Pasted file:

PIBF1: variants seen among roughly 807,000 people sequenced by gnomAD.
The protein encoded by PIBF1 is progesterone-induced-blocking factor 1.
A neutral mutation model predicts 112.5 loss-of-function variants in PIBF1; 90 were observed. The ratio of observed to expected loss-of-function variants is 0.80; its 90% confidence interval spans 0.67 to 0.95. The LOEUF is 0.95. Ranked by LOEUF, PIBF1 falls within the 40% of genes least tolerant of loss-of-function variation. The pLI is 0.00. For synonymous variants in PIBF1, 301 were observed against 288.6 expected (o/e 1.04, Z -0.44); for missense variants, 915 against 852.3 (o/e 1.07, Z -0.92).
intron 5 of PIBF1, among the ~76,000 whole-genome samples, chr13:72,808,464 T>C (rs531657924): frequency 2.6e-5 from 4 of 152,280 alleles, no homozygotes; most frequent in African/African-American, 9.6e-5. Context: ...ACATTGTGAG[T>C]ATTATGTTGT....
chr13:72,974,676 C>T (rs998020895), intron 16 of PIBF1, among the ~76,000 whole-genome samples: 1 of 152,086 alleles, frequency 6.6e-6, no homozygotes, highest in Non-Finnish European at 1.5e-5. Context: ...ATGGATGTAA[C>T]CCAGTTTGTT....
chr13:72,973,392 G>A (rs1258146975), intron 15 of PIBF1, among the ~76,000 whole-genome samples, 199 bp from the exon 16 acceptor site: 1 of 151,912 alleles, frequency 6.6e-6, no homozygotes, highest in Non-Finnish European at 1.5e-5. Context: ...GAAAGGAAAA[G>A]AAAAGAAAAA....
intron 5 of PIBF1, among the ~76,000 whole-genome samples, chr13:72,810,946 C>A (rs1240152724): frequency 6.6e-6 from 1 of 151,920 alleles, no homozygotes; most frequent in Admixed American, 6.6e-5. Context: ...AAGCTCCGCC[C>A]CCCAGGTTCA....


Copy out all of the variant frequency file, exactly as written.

PIBF1: variants seen among roughly 807,000 people sequenced by gnomAD.
The protein encoded by PIBF1 is progesterone-induced-blocking factor 1.
A neutral mutation model predicts 112.5 loss-of-function variants in PIBF1; 90 were observed. The ratio of observed to expected loss-of-function variants is 0.80; its 90% confidence interval spans 0.67 to 0.95. The LOEUF is 0.95. Ranked by LOEUF, PIBF1 falls within the 40% of genes least tolerant of loss-of-function variation. The pLI is 0.00. For synonymous variants in PIBF1, 301 were observed against 288.6 expected (o/e 1.04, Z -0.44); for missense variants, 915 against 852.3 (o/e 1.07, Z -0.92).
intron 5 of PIBF1, among the ~76,000 whole-genome samples, chr13:72,808,464 T>C (rs531657924): frequency 2.6e-5 from 4 of 152,280 alleles, no homozygotes; most frequent in African/African-American, 9.6e-5. Context: ...ACATTGTGAG[T>C]ATTATGTTGT....
chr13:72,974,676 C>T (rs998020895), intron 16 of PIBF1, among the ~76,000 whole-genome samples: 1 of 152,086 alleles, frequency 6.6e-6, no homozygotes, highest in Non-Finnish European at 1.5e-5. Context: ...ATGGATGTAA[C>T]CCAGTTTGTT....
chr13:72,973,392 G>A (rs1258146975), intron 15 of PIBF1, among the ~76,000 whole-genome samples, 199 bp from the exon 16 acceptor site: 1 of 151,912 alleles, frequency 6.6e-6, no homozygotes, highest in Non-Finnish European at 1.5e-5. Context: ...GAAAGGAAAA[G>A]AAAAGAAAAA....
intron 5 of PIBF1, among the ~76,000 whole-genome samples, chr13:72,810,946 C>A (rs1240152724): frequency 6.6e-6 from 1 of 151,920 alleles, no homozygotes; most frequent in Admixed American, 6.6e-5. Context: ...AAGCTCCGCC[C>A]CCCAGGTTCA....